Belgium has formally launched its effort to procure a new fighter aircraft type, with the announcement on 17 March that requests for proposals (RFP) have been issued.
The announcement was made on the website of defence minister Steven Vandeput, as he approved the programme to replace the Belgian Air Component's (BAC's) 54 Lockheed Martin F-16 Fighting Falcon aircraft with 34 new multirole platforms.
With the effort being launched under the strapline of 'fewer planes, same ambitions', 34 aircraft is the number defined in the country's strategic defence doctrine as that being required to have six on permanent standby for operations and two on quick reaction alert (QRA) duties over Belgium, the Netherlands, and Luxembourg (BENELUX).
"There are fewer planes needed than before because the new generation of aircraft can fly more and because there may be more training on simulators," the minister said, although it should be noted that the Belgian Ministry of Defence has previously said that a minimum of 40 new combat aircraft is deemed necessary. However, funding limitations will restrict the procurement to just 34.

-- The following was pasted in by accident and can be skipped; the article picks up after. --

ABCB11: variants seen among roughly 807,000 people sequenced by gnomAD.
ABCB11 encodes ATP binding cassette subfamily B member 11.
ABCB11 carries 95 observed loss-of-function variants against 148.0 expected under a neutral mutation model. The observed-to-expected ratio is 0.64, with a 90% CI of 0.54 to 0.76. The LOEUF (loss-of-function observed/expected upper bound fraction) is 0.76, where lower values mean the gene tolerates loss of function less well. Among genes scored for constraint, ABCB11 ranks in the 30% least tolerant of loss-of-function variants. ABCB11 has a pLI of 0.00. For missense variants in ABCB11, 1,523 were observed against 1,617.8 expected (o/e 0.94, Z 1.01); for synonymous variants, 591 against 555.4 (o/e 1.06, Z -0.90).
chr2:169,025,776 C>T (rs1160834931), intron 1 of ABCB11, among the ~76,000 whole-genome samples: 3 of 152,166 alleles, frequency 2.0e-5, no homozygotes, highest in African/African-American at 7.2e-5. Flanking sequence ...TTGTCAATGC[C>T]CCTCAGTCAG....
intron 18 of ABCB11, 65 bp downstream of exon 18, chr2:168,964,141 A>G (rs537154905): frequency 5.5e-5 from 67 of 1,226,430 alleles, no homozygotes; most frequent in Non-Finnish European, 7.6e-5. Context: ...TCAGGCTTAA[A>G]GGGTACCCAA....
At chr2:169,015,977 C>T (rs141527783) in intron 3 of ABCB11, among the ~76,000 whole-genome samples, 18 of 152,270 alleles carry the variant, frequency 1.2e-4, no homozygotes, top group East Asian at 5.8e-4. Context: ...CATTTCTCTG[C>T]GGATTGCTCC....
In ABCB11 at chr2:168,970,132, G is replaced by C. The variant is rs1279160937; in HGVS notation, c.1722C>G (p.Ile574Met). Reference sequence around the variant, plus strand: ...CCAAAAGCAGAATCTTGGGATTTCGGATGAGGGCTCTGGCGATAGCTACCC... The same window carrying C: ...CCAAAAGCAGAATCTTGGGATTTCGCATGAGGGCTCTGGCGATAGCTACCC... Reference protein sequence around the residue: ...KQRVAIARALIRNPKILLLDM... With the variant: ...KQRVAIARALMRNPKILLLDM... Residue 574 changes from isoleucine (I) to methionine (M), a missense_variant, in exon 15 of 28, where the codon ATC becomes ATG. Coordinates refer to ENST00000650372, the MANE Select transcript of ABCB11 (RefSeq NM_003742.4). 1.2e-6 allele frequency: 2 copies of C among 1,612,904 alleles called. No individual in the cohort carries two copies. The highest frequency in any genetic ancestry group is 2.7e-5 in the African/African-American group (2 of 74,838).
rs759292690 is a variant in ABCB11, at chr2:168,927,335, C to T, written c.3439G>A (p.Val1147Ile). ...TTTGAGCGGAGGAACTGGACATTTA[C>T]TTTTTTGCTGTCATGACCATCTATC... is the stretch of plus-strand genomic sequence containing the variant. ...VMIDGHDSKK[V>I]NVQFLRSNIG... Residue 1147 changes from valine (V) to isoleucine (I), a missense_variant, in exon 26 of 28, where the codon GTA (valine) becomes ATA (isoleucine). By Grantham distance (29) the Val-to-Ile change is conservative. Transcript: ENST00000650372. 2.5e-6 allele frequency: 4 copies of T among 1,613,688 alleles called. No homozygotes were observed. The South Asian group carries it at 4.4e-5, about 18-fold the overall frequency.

The BAC's current 44 single-seat F-16AM and 10 twin-seat F-16BM aircraft will need replacing in the 2023-28 timeframe, and RFPs have been issued to the French Direction Générale de l'Armement (DGA) for the Dassault Rafale; the Swedish Defence Material Administration (FMV) for the Saab Gripen E; the Joint Program Office (JPO) for the Lockheed Martin F-35A Lightning II Joint Strike Fighter (JSF); the UK Ministry of Defence for the Eurofighter Typhoon; and to the US Navy Program Manager Air (PMA) 265 for the Boeing F/A-18E/F Super Hornet.
According to the Belgian government, the specifics of the RFP will be publically released once all of the responses have been received. A decision on which platform to select will be made in 2018.
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